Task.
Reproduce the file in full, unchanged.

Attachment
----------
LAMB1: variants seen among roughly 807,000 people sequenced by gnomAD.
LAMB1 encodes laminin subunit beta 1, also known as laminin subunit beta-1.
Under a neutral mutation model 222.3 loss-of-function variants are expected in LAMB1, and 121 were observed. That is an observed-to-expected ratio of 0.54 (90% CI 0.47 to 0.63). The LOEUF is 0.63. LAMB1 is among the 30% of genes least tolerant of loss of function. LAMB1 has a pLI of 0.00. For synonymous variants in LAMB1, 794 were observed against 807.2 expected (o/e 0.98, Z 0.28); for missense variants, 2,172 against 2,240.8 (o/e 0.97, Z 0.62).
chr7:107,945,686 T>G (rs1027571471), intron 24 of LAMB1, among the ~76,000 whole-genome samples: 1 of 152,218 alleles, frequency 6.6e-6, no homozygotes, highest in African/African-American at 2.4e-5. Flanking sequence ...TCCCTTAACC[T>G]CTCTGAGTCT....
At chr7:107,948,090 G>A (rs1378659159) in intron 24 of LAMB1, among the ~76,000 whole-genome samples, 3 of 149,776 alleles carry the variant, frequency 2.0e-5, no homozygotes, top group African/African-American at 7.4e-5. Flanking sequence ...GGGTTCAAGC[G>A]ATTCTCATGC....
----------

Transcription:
LAMB1: variants seen among roughly 807,000 people sequenced by gnomAD.
LAMB1 encodes laminin subunit beta 1, also known as laminin subunit beta-1.
Under a neutral mutation model 222.3 loss-of-function variants are expected in LAMB1, and 121 were observed. That is an observed-to-expected ratio of 0.54 (90% CI 0.47 to 0.63). The LOEUF is 0.63. LAMB1 is among the 30% of genes least tolerant of loss of function. LAMB1 has a pLI of 0.00. For synonymous variants in LAMB1, 794 were observed against 807.2 expected (o/e 0.98, Z 0.28); for missense variants, 2,172 against 2,240.8 (o/e 0.97, Z 0.62).
chr7:107,945,686 T>G (rs1027571471), intron 24 of LAMB1, among the ~76,000 whole-genome samples: 1 of 152,218 alleles, frequency 6.6e-6, no homozygotes, highest in African/African-American at 2.4e-5. Flanking sequence ...TCCCTTAACC[T>G]CTCTGAGTCT....
At chr7:107,948,090 G>A (rs1378659159) in intron 24 of LAMB1, among the ~76,000 whole-genome samples, 3 of 149,776 alleles carry the variant, frequency 2.0e-5, no homozygotes, top group African/African-American at 7.4e-5. Flanking sequence ...GGGTTCAAGC[G>A]ATTCTCATGC....